Wednesday, July 6, 2011

far eastern philosophies

A quick note up here. Been reading Robert Twigger's Angry White Pyjamas since yesterday, started reading Hagakure and watched Sarvanand's Andari Bandhuvayya today. There's something about a totally clean conscience you know. About using your instinct more than your head, about letting your intuition guide you. The soul is cleansed only after it passes through the fire of pain, after the realization that sacrificing all that you have is easier than sacrificing all that you are. De-cluttering, unlearning is a million times tougher than doing the opposite. Like the famous Zen koan says, "As long as the cup is not empty, all the water will only spill out." The sheer insight of ancient wisdom. There's a line in Orange, in the end, when the hero says, "I've given up everything for her. All that I can give her now is me." The self-effacing freedom in giving up everything for the one thing. Maybe that is moksha. Giving up everything for your simple minded belief in bliss. Talking all this, understanding all this, like Twigger says, intellectualising all this is far easier than experiencing all this. But talking will take us nowhere will it? Or maybe it will, because, like the Hagakure discourses, "First intention, then enlightment."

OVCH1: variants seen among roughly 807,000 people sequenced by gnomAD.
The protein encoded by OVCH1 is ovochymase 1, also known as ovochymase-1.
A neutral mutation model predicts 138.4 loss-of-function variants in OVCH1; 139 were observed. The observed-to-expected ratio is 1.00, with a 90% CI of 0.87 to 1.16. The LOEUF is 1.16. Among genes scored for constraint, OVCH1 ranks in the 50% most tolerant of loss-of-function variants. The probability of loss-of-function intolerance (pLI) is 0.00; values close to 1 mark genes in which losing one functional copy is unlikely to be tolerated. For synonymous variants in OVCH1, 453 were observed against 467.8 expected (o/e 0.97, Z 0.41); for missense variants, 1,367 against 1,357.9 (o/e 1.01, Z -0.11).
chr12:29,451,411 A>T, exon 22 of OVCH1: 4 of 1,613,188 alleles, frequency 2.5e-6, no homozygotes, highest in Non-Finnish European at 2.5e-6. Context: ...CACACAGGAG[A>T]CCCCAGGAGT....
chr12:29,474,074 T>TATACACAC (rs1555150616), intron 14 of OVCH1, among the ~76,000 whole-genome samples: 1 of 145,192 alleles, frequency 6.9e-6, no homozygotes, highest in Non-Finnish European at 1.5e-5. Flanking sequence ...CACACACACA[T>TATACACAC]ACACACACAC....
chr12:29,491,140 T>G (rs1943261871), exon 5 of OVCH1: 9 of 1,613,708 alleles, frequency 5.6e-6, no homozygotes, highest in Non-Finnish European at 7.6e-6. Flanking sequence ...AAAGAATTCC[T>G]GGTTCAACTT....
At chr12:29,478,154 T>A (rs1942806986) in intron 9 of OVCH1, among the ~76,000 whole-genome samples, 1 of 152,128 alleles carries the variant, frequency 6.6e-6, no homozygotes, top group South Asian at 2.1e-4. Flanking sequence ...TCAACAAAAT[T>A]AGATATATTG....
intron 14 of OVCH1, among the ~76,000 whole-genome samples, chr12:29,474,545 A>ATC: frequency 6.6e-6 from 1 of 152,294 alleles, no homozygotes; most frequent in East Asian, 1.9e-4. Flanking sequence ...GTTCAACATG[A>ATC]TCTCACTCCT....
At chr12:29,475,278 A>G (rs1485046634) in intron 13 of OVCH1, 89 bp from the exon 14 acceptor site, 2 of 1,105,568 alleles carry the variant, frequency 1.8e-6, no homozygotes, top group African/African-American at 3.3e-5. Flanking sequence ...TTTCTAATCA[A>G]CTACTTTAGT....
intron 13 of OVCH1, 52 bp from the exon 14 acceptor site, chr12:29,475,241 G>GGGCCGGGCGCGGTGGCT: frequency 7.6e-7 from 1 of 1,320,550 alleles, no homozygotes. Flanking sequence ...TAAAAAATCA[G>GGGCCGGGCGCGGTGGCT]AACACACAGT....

1 comment:

Deekshith Vemuganti said...

fuck! been thinking about the same pieces of thoughts and that is very difficult to cleanly and solely follow your conscience. The rational or the so called logical parts of your brain keep obstructing you and then its all about how successfully you go beyond them and leave everything and may be yes, thats something called moksha!